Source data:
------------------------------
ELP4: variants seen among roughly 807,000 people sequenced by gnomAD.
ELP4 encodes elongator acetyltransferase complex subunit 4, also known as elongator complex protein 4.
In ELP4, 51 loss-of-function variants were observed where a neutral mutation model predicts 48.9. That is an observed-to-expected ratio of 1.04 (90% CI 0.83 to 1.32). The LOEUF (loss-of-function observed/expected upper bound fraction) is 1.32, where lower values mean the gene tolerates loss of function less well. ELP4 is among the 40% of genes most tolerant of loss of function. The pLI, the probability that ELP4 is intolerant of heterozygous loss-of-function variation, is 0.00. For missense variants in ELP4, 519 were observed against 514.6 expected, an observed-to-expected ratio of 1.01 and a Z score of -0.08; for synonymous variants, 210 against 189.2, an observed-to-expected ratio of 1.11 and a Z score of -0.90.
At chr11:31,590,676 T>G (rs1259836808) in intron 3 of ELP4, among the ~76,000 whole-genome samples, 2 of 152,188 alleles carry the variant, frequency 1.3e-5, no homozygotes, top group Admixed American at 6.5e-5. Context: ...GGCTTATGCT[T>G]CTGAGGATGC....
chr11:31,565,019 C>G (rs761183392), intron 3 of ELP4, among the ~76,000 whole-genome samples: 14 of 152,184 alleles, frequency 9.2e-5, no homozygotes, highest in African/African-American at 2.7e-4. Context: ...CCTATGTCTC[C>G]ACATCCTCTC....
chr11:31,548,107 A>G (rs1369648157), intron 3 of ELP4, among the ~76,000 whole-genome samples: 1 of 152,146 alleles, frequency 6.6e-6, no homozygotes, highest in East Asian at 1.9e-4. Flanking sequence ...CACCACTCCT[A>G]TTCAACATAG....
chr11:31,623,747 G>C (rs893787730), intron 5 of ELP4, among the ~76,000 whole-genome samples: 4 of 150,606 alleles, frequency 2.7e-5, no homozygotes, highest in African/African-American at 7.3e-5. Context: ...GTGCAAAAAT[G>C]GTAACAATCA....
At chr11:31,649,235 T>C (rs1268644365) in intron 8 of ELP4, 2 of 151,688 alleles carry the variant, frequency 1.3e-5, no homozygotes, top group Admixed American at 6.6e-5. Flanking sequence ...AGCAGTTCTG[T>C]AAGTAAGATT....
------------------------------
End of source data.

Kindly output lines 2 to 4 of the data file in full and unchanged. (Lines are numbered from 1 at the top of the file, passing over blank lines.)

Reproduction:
ELP4 encodes elongator acetyltransferase complex subunit 4, also known as elongator complex protein 4.
In ELP4, 51 loss-of-function variants were observed where a neutral mutation model predicts 48.9. That is an observed-to-expected ratio of 1.04 (90% CI 0.83 to 1.32). The LOEUF (loss-of-function observed/expected upper bound fraction) is 1.32, where lower values mean the gene tolerates loss of function less well. ELP4 is among the 40% of genes most tolerant of loss of function. The pLI, the probability that ELP4 is intolerant of heterozygous loss-of-function variation, is 0.00. For missense variants in ELP4, 519 were observed against 514.6 expected, an observed-to-expected ratio of 1.01 and a Z score of -0.08; for synonymous variants, 210 against 189.2, an observed-to-expected ratio of 1.11 and a Z score of -0.90.
At chr11:31,590,676 T>G (rs1259836808) in intron 3 of ELP4, among the ~76,000 whole-genome samples, 2 of 152,188 alleles carry the variant, frequency 1.3e-5, no homozygotes, top group Admixed American at 6.5e-5. Context: ...GGCTTATGCT[T>G]CTGAGGATGC....